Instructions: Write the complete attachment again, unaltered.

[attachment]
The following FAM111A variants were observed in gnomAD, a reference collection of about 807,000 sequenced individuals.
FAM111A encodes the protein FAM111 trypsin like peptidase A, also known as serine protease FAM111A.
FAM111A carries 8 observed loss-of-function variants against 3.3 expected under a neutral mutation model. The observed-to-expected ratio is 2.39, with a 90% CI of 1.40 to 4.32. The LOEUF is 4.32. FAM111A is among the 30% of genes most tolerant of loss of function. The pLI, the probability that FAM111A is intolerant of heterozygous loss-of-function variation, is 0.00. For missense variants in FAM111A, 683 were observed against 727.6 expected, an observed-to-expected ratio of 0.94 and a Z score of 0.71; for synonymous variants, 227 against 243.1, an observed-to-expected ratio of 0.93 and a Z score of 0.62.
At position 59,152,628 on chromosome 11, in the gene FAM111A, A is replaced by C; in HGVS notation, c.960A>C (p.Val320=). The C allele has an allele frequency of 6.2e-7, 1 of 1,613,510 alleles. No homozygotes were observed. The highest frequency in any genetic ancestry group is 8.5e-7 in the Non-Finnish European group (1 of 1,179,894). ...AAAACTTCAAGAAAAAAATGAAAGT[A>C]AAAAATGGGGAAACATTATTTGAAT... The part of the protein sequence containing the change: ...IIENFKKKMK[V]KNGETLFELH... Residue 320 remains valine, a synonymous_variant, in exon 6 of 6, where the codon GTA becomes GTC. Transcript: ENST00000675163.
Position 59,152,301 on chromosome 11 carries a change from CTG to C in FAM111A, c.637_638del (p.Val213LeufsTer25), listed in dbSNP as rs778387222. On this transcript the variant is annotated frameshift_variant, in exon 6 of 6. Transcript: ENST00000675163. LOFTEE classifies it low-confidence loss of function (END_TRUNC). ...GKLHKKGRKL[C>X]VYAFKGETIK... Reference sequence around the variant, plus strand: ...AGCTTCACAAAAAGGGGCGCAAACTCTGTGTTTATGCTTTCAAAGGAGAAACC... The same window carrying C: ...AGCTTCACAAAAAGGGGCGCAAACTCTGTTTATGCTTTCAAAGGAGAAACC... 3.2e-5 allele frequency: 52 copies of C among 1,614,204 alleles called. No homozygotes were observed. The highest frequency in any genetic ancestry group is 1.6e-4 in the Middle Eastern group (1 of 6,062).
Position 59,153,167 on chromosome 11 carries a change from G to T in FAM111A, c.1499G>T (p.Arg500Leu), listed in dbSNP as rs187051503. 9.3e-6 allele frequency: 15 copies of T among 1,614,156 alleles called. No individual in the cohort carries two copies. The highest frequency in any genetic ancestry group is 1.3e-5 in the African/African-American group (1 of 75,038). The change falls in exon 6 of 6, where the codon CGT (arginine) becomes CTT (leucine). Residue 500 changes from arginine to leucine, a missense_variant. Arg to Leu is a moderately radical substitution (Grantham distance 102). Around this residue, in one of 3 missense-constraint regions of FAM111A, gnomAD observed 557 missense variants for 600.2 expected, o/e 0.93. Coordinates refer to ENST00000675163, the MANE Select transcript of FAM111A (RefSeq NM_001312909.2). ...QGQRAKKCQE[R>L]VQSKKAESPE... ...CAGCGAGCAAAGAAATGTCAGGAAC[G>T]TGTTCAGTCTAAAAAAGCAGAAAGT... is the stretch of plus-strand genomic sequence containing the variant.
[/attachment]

The following FAM111A variants were observed in gnomAD, a reference collection of about 807,000 sequenced individuals.
FAM111A encodes the protein FAM111 trypsin like peptidase A, also known as serine protease FAM111A.
FAM111A carries 8 observed loss-of-function variants against 3.3 expected under a neutral mutation model. The observed-to-expected ratio is 2.39, with a 90% CI of 1.40 to 4.32. The LOEUF is 4.32. FAM111A is among the 30% of genes most tolerant of loss of function. The pLI, the probability that FAM111A is intolerant of heterozygous loss-of-function variation, is 0.00. For missense variants in FAM111A, 683 were observed against 727.6 expected, an observed-to-expected ratio of 0.94 and a Z score of 0.71; for synonymous variants, 227 against 243.1, an observed-to-expected ratio of 0.93 and a Z score of 0.62.
At position 59,152,628 on chromosome 11, in the gene FAM111A, A is replaced by C; in HGVS notation, c.960A>C (p.Val320=). The C allele has an allele frequency of 6.2e-7, 1 of 1,613,510 alleles. No homozygotes were observed. The highest frequency in any genetic ancestry group is 8.5e-7 in the Non-Finnish European group (1 of 1,179,894). ...AAAACTTCAAGAAAAAAATGAAAGT[A>C]AAAAATGGGGAAACATTATTTGAAT... The part of the protein sequence containing the change: ...IIENFKKKMK[V]KNGETLFELH... Residue 320 remains valine, a synonymous_variant, in exon 6 of 6, where the codon GTA becomes GTC. Transcript: ENST00000675163.
Position 59,152,301 on chromosome 11 carries a change from CTG to C in FAM111A, c.637_638del (p.Val213LeufsTer25), listed in dbSNP as rs778387222. On this transcript the variant is annotated frameshift_variant, in exon 6 of 6. Transcript: ENST00000675163. LOFTEE classifies it low-confidence loss of function (END_TRUNC). ...GKLHKKGRKL[C>X]VYAFKGETIK... Reference sequence around the variant, plus strand: ...AGCTTCACAAAAAGGGGCGCAAACTCTGTGTTTATGCTTTCAAAGGAGAAACC... The same window carrying C: ...AGCTTCACAAAAAGGGGCGCAAACTCTGTTTATGCTTTCAAAGGAGAAACC... 3.2e-5 allele frequency: 52 copies of C among 1,614,204 alleles called. No homozygotes were observed. The highest frequency in any genetic ancestry group is 1.6e-4 in the Middle Eastern group (1 of 6,062).
Position 59,153,167 on chromosome 11 carries a change from G to T in FAM111A, c.1499G>T (p.Arg500Leu), listed in dbSNP as rs187051503. 9.3e-6 allele frequency: 15 copies of T among 1,614,156 alleles called. No individual in the cohort carries two copies. The highest frequency in any genetic ancestry group is 1.3e-5 in the African/African-American group (1 of 75,038). The change falls in exon 6 of 6, where the codon CGT (arginine) becomes CTT (leucine). Residue 500 changes from arginine to leucine, a missense_variant. Arg to Leu is a moderately radical substitution (Grantham distance 102). Around this residue, in one of 3 missense-constraint regions of FAM111A, gnomAD observed 557 missense variants for 600.2 expected, o/e 0.93. Coordinates refer to ENST00000675163, the MANE Select transcript of FAM111A (RefSeq NM_001312909.2). ...QGQRAKKCQE[R>L]VQSKKAESPE... ...CAGCGAGCAAAGAAATGTCAGGAAC[G>T]TGTTCAGTCTAAAAAAGCAGAAAGT... is the stretch of plus-strand genomic sequence containing the variant.